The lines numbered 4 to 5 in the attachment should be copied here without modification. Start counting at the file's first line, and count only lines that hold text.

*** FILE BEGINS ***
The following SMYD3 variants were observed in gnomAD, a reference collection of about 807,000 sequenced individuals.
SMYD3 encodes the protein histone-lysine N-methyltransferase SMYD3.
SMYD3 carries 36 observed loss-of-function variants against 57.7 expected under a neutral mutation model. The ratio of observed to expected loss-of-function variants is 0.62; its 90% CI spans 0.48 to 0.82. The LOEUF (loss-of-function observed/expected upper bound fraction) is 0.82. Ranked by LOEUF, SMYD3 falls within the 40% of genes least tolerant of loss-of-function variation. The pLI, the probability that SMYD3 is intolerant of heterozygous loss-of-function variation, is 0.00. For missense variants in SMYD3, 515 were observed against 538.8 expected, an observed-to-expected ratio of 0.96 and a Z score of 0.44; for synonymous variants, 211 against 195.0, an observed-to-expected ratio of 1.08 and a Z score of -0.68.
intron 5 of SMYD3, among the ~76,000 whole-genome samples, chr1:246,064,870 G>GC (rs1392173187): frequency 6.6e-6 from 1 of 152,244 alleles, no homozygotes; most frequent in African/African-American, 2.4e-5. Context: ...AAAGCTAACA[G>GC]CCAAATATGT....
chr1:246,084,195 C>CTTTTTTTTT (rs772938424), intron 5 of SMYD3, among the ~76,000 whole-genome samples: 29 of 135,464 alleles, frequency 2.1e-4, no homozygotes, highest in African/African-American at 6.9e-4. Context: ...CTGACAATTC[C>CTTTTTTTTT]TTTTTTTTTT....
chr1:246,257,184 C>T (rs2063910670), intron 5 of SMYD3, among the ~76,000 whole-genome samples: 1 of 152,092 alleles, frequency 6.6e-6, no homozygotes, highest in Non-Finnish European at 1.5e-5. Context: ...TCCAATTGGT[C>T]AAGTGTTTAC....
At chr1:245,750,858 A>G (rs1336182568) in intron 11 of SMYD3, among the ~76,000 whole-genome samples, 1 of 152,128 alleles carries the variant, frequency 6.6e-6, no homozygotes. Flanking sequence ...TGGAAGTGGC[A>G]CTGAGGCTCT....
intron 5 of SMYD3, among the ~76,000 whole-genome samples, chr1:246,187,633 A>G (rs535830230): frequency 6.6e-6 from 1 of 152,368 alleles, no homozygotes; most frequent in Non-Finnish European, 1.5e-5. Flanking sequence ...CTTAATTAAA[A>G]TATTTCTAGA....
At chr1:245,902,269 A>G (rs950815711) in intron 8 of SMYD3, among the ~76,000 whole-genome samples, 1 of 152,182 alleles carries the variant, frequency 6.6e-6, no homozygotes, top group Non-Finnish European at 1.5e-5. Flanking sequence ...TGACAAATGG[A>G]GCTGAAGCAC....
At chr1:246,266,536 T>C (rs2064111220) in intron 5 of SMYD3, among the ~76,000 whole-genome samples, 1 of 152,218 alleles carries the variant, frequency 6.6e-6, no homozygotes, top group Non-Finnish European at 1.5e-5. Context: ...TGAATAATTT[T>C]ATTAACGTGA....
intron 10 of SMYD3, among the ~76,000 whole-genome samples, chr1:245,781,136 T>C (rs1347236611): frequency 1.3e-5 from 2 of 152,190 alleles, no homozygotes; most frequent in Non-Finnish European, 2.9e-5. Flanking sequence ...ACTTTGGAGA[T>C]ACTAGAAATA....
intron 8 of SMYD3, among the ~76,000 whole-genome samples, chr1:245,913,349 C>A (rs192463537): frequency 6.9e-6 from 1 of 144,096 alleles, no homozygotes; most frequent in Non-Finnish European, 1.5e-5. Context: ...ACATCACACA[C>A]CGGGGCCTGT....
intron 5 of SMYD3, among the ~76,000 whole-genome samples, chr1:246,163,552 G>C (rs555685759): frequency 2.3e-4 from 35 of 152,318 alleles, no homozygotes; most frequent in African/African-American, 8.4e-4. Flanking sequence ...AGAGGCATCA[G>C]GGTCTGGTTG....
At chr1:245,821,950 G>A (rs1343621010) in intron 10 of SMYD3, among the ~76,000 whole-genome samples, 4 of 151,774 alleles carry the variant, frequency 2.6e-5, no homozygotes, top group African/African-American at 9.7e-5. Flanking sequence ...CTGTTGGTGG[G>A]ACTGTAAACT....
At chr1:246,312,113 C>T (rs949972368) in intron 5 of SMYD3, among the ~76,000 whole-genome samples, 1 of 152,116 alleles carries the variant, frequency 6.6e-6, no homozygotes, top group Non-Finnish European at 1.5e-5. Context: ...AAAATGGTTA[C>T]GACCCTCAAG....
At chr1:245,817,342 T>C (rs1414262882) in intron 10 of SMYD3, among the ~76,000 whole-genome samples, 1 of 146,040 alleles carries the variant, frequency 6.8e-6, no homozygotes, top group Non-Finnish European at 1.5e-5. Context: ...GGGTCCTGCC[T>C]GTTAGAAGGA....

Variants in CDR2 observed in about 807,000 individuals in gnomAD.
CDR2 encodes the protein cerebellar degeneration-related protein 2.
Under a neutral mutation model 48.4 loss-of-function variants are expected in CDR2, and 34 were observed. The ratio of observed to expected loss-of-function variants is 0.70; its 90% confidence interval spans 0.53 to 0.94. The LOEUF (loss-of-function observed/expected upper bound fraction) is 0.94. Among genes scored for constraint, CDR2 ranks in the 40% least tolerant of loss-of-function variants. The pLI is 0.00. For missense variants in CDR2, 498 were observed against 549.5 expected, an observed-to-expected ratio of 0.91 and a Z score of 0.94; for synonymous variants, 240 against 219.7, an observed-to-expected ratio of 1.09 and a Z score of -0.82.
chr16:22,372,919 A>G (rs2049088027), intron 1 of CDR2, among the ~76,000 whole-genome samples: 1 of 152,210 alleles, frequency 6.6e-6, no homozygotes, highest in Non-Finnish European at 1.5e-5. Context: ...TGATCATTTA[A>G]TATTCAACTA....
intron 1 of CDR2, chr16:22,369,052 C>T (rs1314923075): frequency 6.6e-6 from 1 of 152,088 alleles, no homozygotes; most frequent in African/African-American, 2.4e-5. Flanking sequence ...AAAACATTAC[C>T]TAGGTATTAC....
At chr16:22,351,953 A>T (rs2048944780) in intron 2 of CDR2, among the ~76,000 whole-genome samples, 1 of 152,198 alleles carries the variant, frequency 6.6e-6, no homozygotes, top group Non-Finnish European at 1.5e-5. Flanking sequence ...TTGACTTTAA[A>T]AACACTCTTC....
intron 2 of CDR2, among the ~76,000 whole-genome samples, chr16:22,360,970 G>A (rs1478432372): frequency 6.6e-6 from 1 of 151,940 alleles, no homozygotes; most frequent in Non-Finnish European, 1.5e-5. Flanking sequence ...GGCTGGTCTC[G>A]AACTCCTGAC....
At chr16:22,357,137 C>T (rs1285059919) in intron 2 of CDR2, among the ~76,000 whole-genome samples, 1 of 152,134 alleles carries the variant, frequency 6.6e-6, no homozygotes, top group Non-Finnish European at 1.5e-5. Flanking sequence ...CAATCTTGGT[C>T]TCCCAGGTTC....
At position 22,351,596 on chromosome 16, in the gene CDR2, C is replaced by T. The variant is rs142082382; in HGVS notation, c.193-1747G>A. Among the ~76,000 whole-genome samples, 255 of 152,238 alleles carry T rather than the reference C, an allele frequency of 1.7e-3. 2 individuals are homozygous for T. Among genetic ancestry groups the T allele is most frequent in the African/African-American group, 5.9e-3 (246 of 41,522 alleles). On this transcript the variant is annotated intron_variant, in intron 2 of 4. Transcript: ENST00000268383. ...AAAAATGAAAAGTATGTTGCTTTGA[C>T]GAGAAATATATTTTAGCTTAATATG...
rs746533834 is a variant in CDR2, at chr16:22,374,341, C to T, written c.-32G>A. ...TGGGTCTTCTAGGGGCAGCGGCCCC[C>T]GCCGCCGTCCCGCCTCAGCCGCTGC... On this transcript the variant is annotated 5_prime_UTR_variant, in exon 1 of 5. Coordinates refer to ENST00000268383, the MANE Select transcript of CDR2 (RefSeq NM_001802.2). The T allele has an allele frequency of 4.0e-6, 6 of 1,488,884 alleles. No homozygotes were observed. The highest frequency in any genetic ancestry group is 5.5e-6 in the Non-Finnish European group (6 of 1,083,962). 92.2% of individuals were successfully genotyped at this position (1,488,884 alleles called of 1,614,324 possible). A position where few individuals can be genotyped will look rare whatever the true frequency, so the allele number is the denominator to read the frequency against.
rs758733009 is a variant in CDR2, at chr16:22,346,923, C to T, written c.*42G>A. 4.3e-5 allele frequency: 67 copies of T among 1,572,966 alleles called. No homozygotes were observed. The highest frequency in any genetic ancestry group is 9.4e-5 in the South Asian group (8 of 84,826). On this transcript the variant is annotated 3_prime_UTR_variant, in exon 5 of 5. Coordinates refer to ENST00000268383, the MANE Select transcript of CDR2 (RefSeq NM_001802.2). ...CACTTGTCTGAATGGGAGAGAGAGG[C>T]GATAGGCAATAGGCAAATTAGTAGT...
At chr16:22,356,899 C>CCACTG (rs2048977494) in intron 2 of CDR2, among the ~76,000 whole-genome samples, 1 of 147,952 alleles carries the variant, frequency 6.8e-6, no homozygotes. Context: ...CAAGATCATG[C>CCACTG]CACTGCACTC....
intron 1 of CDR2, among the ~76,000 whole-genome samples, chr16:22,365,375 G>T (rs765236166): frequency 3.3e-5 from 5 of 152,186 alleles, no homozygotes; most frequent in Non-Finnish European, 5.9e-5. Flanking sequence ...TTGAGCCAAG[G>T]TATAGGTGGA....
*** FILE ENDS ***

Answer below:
intron 5 of SMYD3, among the ~76,000 whole-genome samples, chr1:246,064,870 G>GC (rs1392173187): frequency 6.6e-6 from 1 of 152,244 alleles, no homozygotes; most frequent in African/African-American, 2.4e-5. Context: ...AAAGCTAACA[G>GC]CCAAATATGT....
chr1:246,084,195 C>CTTTTTTTTT (rs772938424), intron 5 of SMYD3, among the ~76,000 whole-genome samples: 29 of 135,464 alleles, frequency 2.1e-4, no homozygotes, highest in African/African-American at 6.9e-4. Context: ...CTGACAATTC[C>CTTTTTTTTT]TTTTTTTTTT....